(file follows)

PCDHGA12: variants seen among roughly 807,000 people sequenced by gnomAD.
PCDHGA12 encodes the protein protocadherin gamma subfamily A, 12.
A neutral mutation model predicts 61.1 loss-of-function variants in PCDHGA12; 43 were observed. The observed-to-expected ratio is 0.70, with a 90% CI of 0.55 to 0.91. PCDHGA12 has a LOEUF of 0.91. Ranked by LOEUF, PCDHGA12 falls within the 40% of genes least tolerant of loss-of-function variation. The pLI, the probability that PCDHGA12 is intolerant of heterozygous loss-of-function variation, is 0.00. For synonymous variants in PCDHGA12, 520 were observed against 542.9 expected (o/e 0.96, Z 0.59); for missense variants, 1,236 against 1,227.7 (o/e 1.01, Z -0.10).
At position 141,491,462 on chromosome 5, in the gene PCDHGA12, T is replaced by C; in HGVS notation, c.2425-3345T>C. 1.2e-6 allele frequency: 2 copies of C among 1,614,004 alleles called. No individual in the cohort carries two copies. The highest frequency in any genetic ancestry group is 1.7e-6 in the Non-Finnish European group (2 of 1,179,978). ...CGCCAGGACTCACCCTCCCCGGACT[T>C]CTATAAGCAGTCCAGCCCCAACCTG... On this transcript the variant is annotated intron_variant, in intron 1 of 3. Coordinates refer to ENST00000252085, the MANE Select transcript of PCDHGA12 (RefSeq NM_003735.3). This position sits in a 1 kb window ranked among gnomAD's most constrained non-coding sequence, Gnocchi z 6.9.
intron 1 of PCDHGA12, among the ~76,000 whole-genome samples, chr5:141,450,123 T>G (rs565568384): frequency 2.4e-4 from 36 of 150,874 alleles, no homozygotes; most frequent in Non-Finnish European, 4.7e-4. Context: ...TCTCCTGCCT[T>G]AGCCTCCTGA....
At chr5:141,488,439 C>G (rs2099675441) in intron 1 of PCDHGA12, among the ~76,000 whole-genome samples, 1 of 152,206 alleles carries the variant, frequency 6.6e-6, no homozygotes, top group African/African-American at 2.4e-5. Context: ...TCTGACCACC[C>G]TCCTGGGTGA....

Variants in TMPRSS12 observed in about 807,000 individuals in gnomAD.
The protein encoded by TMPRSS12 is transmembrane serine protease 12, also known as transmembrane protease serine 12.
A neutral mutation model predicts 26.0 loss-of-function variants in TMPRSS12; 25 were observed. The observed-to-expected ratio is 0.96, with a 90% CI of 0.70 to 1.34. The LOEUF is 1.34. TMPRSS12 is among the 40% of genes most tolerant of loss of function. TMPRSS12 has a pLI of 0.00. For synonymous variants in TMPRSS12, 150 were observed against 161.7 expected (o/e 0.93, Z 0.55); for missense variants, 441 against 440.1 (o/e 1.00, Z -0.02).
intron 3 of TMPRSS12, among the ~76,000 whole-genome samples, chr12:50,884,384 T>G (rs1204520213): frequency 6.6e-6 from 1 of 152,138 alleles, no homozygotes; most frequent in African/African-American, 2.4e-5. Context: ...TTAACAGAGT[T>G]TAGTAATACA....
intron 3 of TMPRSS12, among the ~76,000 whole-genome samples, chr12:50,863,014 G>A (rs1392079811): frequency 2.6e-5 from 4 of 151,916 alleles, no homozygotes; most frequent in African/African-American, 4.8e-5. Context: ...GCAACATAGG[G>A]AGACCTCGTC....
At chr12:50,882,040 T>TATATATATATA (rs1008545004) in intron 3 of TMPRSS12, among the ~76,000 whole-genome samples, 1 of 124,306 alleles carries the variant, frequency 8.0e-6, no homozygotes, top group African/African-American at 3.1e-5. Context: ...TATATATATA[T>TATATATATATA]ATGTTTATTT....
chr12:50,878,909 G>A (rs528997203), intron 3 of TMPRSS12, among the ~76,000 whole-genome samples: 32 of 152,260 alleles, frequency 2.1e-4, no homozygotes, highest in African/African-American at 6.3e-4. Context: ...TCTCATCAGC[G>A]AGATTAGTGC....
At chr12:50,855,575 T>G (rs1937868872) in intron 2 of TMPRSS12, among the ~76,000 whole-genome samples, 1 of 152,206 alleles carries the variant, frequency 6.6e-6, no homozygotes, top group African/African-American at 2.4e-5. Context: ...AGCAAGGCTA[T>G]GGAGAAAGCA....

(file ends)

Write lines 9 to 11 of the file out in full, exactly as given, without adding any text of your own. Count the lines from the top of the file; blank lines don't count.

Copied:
A neutral mutation model predicts 26.0 loss-of-function variants in TMPRSS12; 25 were observed. The observed-to-expected ratio is 0.96, with a 90% CI of 0.70 to 1.34. The LOEUF is 1.34. TMPRSS12 is among the 40% of genes most tolerant of loss of function. TMPRSS12 has a pLI of 0.00. For synonymous variants in TMPRSS12, 150 were observed against 161.7 expected (o/e 0.93, Z 0.55); for missense variants, 441 against 440.1 (o/e 1.00, Z -0.02).
intron 3 of TMPRSS12, among the ~76,000 whole-genome samples, chr12:50,884,384 T>G (rs1204520213): frequency 6.6e-6 from 1 of 152,138 alleles, no homozygotes; most frequent in African/African-American, 2.4e-5. Context: ...TTAACAGAGT[T>G]TAGTAATACA....
intron 3 of TMPRSS12, among the ~76,000 whole-genome samples, chr12:50,863,014 G>A (rs1392079811): frequency 2.6e-5 from 4 of 151,916 alleles, no homozygotes; most frequent in African/African-American, 4.8e-5. Context: ...GCAACATAGG[G>A]AGACCTCGTC....